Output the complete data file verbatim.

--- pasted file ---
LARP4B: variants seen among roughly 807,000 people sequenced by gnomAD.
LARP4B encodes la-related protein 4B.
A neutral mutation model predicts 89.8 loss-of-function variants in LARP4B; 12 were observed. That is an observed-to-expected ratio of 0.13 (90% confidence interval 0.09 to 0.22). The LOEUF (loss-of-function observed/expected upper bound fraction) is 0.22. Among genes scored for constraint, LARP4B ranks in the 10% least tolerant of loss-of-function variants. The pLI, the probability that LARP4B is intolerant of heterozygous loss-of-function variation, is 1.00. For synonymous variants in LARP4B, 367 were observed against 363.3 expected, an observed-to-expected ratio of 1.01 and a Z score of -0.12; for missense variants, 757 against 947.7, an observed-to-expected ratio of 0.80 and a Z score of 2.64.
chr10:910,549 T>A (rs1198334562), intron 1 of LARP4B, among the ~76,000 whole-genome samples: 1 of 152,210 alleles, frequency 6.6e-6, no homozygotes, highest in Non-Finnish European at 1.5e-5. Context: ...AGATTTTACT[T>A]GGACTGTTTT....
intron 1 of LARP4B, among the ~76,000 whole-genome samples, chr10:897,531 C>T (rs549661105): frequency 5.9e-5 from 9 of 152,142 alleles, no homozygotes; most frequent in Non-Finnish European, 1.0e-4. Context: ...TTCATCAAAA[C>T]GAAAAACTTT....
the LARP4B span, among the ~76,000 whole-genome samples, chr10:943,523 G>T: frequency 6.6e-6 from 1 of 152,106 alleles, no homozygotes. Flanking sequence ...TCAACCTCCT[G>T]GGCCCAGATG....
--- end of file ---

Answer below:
LARP4B: variants seen among roughly 807,000 people sequenced by gnomAD.
LARP4B encodes la-related protein 4B.
A neutral mutation model predicts 89.8 loss-of-function variants in LARP4B; 12 were observed. That is an observed-to-expected ratio of 0.13 (90% confidence interval 0.09 to 0.22). The LOEUF (loss-of-function observed/expected upper bound fraction) is 0.22. Among genes scored for constraint, LARP4B ranks in the 10% least tolerant of loss-of-function variants. The pLI, the probability that LARP4B is intolerant of heterozygous loss-of-function variation, is 1.00. For synonymous variants in LARP4B, 367 were observed against 363.3 expected, an observed-to-expected ratio of 1.01 and a Z score of -0.12; for missense variants, 757 against 947.7, an observed-to-expected ratio of 0.80 and a Z score of 2.64.
chr10:910,549 T>A (rs1198334562), intron 1 of LARP4B, among the ~76,000 whole-genome samples: 1 of 152,210 alleles, frequency 6.6e-6, no homozygotes, highest in Non-Finnish European at 1.5e-5. Context: ...AGATTTTACT[T>A]GGACTGTTTT....
intron 1 of LARP4B, among the ~76,000 whole-genome samples, chr10:897,531 C>T (rs549661105): frequency 5.9e-5 from 9 of 152,142 alleles, no homozygotes; most frequent in Non-Finnish European, 1.0e-4. Context: ...TTCATCAAAA[C>T]GAAAAACTTT....
the LARP4B span, among the ~76,000 whole-genome samples, chr10:943,523 G>T: frequency 6.6e-6 from 1 of 152,106 alleles, no homozygotes. Flanking sequence ...TCAACCTCCT[G>T]GGCCCAGATG....